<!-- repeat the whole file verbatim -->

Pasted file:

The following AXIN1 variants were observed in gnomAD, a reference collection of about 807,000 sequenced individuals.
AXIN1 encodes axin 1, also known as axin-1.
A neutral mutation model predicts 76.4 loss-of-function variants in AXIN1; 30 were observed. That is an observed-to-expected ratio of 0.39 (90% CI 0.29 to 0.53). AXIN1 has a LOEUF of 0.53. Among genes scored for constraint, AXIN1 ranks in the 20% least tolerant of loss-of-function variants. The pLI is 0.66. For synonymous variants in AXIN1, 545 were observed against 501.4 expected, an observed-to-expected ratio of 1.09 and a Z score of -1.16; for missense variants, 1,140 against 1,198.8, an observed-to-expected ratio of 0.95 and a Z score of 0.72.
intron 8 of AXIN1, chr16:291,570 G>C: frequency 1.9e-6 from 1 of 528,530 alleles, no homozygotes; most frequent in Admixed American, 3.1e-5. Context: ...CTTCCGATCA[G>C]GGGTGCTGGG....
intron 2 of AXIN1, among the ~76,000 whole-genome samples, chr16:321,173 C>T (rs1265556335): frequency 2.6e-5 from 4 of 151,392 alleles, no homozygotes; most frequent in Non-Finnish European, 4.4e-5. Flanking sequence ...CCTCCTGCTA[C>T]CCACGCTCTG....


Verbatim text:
The following AXIN1 variants were observed in gnomAD, a reference collection of about 807,000 sequenced individuals.
AXIN1 encodes axin 1, also known as axin-1.
A neutral mutation model predicts 76.4 loss-of-function variants in AXIN1; 30 were observed. That is an observed-to-expected ratio of 0.39 (90% CI 0.29 to 0.53). AXIN1 has a LOEUF of 0.53. Among genes scored for constraint, AXIN1 ranks in the 20% least tolerant of loss-of-function variants. The pLI is 0.66. For synonymous variants in AXIN1, 545 were observed against 501.4 expected, an observed-to-expected ratio of 1.09 and a Z score of -1.16; for missense variants, 1,140 against 1,198.8, an observed-to-expected ratio of 0.95 and a Z score of 0.72.
intron 8 of AXIN1, chr16:291,570 G>C: frequency 1.9e-6 from 1 of 528,530 alleles, no homozygotes; most frequent in Admixed American, 3.1e-5. Context: ...CTTCCGATCA[G>C]GGGTGCTGGG....
intron 2 of AXIN1, among the ~76,000 whole-genome samples, chr16:321,173 C>T (rs1265556335): frequency 2.6e-5 from 4 of 151,392 alleles, no homozygotes; most frequent in Non-Finnish European, 4.4e-5. Flanking sequence ...CCTCCTGCTA[C>T]CCACGCTCTG....